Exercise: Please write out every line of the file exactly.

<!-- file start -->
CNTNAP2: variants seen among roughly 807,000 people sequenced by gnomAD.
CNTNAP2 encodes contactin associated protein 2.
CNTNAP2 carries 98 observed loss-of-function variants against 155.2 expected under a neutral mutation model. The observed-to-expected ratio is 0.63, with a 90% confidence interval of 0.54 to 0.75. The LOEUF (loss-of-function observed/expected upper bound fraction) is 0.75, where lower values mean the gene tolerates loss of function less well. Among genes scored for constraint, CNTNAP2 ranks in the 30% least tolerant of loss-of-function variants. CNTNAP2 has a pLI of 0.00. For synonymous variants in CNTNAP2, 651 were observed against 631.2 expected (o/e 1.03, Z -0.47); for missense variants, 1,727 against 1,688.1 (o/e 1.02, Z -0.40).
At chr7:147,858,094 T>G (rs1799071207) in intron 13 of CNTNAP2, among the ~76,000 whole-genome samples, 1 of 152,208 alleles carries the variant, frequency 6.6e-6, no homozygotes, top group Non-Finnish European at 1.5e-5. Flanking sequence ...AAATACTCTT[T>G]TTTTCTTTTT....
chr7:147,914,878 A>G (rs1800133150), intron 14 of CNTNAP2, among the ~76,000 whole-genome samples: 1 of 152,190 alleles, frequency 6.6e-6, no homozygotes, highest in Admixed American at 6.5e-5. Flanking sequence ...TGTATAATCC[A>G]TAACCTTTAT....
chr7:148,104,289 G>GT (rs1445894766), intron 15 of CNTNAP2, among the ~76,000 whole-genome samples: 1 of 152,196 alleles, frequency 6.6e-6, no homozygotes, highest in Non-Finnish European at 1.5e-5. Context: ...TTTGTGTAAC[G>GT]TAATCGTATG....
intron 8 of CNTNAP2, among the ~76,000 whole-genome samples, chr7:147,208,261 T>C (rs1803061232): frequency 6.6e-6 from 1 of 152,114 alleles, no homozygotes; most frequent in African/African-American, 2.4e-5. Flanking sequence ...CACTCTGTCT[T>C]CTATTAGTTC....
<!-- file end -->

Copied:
CNTNAP2: variants seen among roughly 807,000 people sequenced by gnomAD.
CNTNAP2 encodes contactin associated protein 2.
CNTNAP2 carries 98 observed loss-of-function variants against 155.2 expected under a neutral mutation model. The observed-to-expected ratio is 0.63, with a 90% confidence interval of 0.54 to 0.75. The LOEUF (loss-of-function observed/expected upper bound fraction) is 0.75, where lower values mean the gene tolerates loss of function less well. Among genes scored for constraint, CNTNAP2 ranks in the 30% least tolerant of loss-of-function variants. CNTNAP2 has a pLI of 0.00. For synonymous variants in CNTNAP2, 651 were observed against 631.2 expected (o/e 1.03, Z -0.47); for missense variants, 1,727 against 1,688.1 (o/e 1.02, Z -0.40).
At chr7:147,858,094 T>G (rs1799071207) in intron 13 of CNTNAP2, among the ~76,000 whole-genome samples, 1 of 152,208 alleles carries the variant, frequency 6.6e-6, no homozygotes, top group Non-Finnish European at 1.5e-5. Flanking sequence ...AAATACTCTT[T>G]TTTTCTTTTT....
chr7:147,914,878 A>G (rs1800133150), intron 14 of CNTNAP2, among the ~76,000 whole-genome samples: 1 of 152,190 alleles, frequency 6.6e-6, no homozygotes, highest in Admixed American at 6.5e-5. Flanking sequence ...TGTATAATCC[A>G]TAACCTTTAT....
chr7:148,104,289 G>GT (rs1445894766), intron 15 of CNTNAP2, among the ~76,000 whole-genome samples: 1 of 152,196 alleles, frequency 6.6e-6, no homozygotes, highest in Non-Finnish European at 1.5e-5. Context: ...TTTGTGTAAC[G>GT]TAATCGTATG....
intron 8 of CNTNAP2, among the ~76,000 whole-genome samples, chr7:147,208,261 T>C (rs1803061232): frequency 6.6e-6 from 1 of 152,114 alleles, no homozygotes; most frequent in African/African-American, 2.4e-5. Flanking sequence ...CACTCTGTCT[T>C]CTATTAGTTC....